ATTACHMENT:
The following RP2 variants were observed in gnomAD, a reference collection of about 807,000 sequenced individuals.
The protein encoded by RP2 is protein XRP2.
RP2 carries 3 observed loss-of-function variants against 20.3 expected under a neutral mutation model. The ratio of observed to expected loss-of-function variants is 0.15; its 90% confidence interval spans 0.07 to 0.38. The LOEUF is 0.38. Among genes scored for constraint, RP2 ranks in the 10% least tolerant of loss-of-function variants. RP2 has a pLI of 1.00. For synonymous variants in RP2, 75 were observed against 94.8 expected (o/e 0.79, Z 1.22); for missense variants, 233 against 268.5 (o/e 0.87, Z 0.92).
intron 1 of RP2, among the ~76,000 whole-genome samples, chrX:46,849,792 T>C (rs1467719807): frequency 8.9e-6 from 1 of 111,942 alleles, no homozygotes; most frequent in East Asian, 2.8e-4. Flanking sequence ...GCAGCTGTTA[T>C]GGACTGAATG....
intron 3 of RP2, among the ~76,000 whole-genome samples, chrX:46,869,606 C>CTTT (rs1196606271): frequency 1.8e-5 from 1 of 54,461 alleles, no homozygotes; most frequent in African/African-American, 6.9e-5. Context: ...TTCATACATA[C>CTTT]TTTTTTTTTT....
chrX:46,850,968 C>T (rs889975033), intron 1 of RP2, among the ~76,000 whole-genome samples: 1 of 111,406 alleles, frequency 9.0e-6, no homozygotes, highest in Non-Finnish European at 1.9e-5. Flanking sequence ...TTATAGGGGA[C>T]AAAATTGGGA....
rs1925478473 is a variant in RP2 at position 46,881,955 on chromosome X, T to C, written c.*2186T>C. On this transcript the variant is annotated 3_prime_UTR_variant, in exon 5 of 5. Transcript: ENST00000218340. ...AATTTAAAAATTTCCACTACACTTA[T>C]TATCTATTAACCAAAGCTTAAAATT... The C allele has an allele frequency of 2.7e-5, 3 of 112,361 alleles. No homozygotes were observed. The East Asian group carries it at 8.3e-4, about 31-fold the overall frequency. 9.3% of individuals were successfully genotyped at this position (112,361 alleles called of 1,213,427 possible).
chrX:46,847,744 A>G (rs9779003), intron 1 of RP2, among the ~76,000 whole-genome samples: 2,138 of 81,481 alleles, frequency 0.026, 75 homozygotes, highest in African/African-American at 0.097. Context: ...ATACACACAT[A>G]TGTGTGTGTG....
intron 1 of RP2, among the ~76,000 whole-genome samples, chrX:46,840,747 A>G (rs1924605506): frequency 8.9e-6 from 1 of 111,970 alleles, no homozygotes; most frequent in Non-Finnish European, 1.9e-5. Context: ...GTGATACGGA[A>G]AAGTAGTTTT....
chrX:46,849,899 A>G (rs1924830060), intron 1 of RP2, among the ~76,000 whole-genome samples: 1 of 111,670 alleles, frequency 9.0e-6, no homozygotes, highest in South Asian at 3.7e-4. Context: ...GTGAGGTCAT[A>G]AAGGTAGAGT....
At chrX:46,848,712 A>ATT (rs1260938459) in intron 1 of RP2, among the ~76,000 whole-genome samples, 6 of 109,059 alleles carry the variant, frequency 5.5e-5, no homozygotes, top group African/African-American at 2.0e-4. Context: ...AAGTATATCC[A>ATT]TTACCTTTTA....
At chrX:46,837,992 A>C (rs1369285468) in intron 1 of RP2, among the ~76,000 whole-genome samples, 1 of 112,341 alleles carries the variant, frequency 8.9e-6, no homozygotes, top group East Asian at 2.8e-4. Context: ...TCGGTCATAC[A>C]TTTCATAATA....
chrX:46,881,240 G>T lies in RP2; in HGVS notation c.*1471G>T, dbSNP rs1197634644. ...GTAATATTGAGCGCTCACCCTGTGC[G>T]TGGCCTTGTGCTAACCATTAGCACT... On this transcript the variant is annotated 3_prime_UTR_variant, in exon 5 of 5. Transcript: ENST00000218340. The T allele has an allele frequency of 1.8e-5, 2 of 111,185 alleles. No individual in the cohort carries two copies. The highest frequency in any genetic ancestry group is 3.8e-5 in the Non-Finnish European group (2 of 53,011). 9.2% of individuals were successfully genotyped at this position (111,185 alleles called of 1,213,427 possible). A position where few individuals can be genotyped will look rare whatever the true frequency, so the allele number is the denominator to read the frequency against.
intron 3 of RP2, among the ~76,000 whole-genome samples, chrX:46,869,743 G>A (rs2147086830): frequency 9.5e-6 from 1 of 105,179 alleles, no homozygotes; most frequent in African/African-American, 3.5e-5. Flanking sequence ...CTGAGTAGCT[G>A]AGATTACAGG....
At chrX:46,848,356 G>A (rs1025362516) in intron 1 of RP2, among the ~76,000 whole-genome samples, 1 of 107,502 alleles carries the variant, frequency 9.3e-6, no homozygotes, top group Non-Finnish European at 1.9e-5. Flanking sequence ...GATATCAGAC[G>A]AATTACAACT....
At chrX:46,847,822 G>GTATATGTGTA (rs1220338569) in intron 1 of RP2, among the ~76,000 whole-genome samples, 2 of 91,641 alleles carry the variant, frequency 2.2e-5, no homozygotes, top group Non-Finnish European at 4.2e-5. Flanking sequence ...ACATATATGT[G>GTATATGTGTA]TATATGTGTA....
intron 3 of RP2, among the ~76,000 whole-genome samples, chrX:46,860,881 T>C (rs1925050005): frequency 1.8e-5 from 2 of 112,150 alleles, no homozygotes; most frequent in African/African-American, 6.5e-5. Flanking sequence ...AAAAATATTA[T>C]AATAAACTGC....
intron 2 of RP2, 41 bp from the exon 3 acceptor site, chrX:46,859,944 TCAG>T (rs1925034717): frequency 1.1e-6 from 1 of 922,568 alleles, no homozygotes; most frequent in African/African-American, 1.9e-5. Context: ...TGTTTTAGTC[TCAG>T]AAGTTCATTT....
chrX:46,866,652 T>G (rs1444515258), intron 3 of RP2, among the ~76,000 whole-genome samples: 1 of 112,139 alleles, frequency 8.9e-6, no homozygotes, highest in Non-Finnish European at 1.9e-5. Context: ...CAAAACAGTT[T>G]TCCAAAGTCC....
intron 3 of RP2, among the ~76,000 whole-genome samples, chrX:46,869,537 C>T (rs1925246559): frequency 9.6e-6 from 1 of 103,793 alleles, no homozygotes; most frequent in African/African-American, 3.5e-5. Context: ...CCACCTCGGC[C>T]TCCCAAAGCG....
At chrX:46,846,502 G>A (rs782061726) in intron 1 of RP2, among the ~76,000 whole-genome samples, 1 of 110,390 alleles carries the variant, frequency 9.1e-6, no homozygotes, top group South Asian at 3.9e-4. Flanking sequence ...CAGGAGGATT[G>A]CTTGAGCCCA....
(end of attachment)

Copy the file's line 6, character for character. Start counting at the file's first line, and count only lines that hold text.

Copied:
chrX:46,850,968 C>T (rs889975033), intron 1 of RP2, among the ~76,000 whole-genome samples: 1 of 111,406 alleles, frequency 9.0e-6, no homozygotes, highest in Non-Finnish European at 1.9e-5. Flanking sequence ...TTATAGGGGA[C>T]AAAATTGGGA....